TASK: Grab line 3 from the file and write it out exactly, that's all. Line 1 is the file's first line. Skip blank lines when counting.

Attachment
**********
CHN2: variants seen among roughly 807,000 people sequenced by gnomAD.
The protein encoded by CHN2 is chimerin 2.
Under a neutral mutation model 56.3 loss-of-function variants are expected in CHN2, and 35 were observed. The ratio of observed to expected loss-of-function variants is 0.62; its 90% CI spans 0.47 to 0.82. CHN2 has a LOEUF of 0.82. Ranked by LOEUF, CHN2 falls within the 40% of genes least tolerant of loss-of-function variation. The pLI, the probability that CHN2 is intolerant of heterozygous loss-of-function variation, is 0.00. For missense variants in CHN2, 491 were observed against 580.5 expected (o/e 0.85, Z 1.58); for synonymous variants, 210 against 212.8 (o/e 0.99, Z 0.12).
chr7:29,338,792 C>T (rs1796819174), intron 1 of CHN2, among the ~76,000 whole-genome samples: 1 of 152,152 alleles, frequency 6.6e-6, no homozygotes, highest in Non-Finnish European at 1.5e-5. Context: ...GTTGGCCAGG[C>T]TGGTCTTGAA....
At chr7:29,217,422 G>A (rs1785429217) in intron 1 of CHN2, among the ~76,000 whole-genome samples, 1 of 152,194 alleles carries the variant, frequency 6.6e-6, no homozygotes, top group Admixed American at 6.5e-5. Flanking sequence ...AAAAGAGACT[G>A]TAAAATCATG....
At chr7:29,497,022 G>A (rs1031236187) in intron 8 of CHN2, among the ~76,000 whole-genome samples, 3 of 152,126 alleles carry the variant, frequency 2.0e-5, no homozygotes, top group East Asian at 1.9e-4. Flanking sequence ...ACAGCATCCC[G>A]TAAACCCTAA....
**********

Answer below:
Under a neutral mutation model 56.3 loss-of-function variants are expected in CHN2, and 35 were observed. The ratio of observed to expected loss-of-function variants is 0.62; its 90% CI spans 0.47 to 0.82. CHN2 has a LOEUF of 0.82. Ranked by LOEUF, CHN2 falls within the 40% of genes least tolerant of loss-of-function variation. The pLI, the probability that CHN2 is intolerant of heterozygous loss-of-function variation, is 0.00. For missense variants in CHN2, 491 were observed against 580.5 expected (o/e 0.85, Z 1.58); for synonymous variants, 210 against 212.8 (o/e 0.99, Z 0.12).